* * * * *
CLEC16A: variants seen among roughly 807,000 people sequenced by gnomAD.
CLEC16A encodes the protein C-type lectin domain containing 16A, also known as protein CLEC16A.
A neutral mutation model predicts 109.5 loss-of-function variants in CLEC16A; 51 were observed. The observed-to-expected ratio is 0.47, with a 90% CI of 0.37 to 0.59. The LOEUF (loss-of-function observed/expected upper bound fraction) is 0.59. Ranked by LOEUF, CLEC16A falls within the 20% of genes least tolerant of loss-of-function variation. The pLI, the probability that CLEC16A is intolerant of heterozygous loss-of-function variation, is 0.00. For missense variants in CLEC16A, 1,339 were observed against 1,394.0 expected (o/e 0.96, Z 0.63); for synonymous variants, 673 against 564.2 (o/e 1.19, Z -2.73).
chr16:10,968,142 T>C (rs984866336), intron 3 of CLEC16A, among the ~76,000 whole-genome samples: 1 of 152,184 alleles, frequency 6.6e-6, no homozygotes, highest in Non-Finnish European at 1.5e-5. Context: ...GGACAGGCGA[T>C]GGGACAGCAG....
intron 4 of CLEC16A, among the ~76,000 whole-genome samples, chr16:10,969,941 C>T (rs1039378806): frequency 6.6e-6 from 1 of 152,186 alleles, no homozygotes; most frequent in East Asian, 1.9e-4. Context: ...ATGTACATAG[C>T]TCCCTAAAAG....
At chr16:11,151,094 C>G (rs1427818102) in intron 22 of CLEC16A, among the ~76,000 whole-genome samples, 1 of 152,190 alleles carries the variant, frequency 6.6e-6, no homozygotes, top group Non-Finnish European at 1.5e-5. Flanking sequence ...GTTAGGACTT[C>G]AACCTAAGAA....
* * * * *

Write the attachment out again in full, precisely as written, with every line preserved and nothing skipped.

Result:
CLEC16A: variants seen among roughly 807,000 people sequenced by gnomAD.
CLEC16A encodes the protein C-type lectin domain containing 16A, also known as protein CLEC16A.
A neutral mutation model predicts 109.5 loss-of-function variants in CLEC16A; 51 were observed. The observed-to-expected ratio is 0.47, with a 90% CI of 0.37 to 0.59. The LOEUF (loss-of-function observed/expected upper bound fraction) is 0.59. Ranked by LOEUF, CLEC16A falls within the 20% of genes least tolerant of loss-of-function variation. The pLI, the probability that CLEC16A is intolerant of heterozygous loss-of-function variation, is 0.00. For missense variants in CLEC16A, 1,339 were observed against 1,394.0 expected (o/e 0.96, Z 0.63); for synonymous variants, 673 against 564.2 (o/e 1.19, Z -2.73).
chr16:10,968,142 T>C (rs984866336), intron 3 of CLEC16A, among the ~76,000 whole-genome samples: 1 of 152,184 alleles, frequency 6.6e-6, no homozygotes, highest in Non-Finnish European at 1.5e-5. Context: ...GGACAGGCGA[T>C]GGGACAGCAG....
intron 4 of CLEC16A, among the ~76,000 whole-genome samples, chr16:10,969,941 C>T (rs1039378806): frequency 6.6e-6 from 1 of 152,186 alleles, no homozygotes; most frequent in East Asian, 1.9e-4. Context: ...ATGTACATAG[C>T]TCCCTAAAAG....
At chr16:11,151,094 C>G (rs1427818102) in intron 22 of CLEC16A, among the ~76,000 whole-genome samples, 1 of 152,190 alleles carries the variant, frequency 6.6e-6, no homozygotes, top group Non-Finnish European at 1.5e-5. Flanking sequence ...GTTAGGACTT[C>G]AACCTAAGAA....